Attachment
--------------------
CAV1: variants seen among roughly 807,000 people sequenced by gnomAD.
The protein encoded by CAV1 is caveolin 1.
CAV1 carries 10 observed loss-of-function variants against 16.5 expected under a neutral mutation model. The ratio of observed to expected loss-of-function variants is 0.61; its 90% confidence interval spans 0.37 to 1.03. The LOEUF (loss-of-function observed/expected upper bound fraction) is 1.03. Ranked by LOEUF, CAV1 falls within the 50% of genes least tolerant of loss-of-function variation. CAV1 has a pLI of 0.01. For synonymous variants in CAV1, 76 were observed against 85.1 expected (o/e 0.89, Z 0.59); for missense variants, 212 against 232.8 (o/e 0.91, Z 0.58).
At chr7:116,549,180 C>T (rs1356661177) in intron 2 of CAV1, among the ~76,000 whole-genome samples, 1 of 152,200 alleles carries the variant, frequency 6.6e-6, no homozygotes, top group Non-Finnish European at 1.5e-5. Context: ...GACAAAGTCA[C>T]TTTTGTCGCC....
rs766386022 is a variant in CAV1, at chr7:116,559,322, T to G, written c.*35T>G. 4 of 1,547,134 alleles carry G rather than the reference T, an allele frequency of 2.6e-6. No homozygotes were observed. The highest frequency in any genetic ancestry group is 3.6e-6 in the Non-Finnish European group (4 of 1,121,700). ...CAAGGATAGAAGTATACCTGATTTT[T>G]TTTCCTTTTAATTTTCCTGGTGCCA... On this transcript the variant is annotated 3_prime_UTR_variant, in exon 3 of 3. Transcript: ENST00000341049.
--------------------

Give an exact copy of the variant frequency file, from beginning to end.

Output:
CAV1: variants seen among roughly 807,000 people sequenced by gnomAD.
The protein encoded by CAV1 is caveolin 1.
CAV1 carries 10 observed loss-of-function variants against 16.5 expected under a neutral mutation model. The ratio of observed to expected loss-of-function variants is 0.61; its 90% confidence interval spans 0.37 to 1.03. The LOEUF (loss-of-function observed/expected upper bound fraction) is 1.03. Ranked by LOEUF, CAV1 falls within the 50% of genes least tolerant of loss-of-function variation. CAV1 has a pLI of 0.01. For synonymous variants in CAV1, 76 were observed against 85.1 expected (o/e 0.89, Z 0.59); for missense variants, 212 against 232.8 (o/e 0.91, Z 0.58).
At chr7:116,549,180 C>T (rs1356661177) in intron 2 of CAV1, among the ~76,000 whole-genome samples, 1 of 152,200 alleles carries the variant, frequency 6.6e-6, no homozygotes, top group Non-Finnish European at 1.5e-5. Context: ...GACAAAGTCA[C>T]TTTTGTCGCC....
rs766386022 is a variant in CAV1, at chr7:116,559,322, T to G, written c.*35T>G. 4 of 1,547,134 alleles carry G rather than the reference T, an allele frequency of 2.6e-6. No homozygotes were observed. The highest frequency in any genetic ancestry group is 3.6e-6 in the Non-Finnish European group (4 of 1,121,700). ...CAAGGATAGAAGTATACCTGATTTT[T>G]TTTCCTTTTAATTTTCCTGGTGCCA... On this transcript the variant is annotated 3_prime_UTR_variant, in exon 3 of 3. Transcript: ENST00000341049.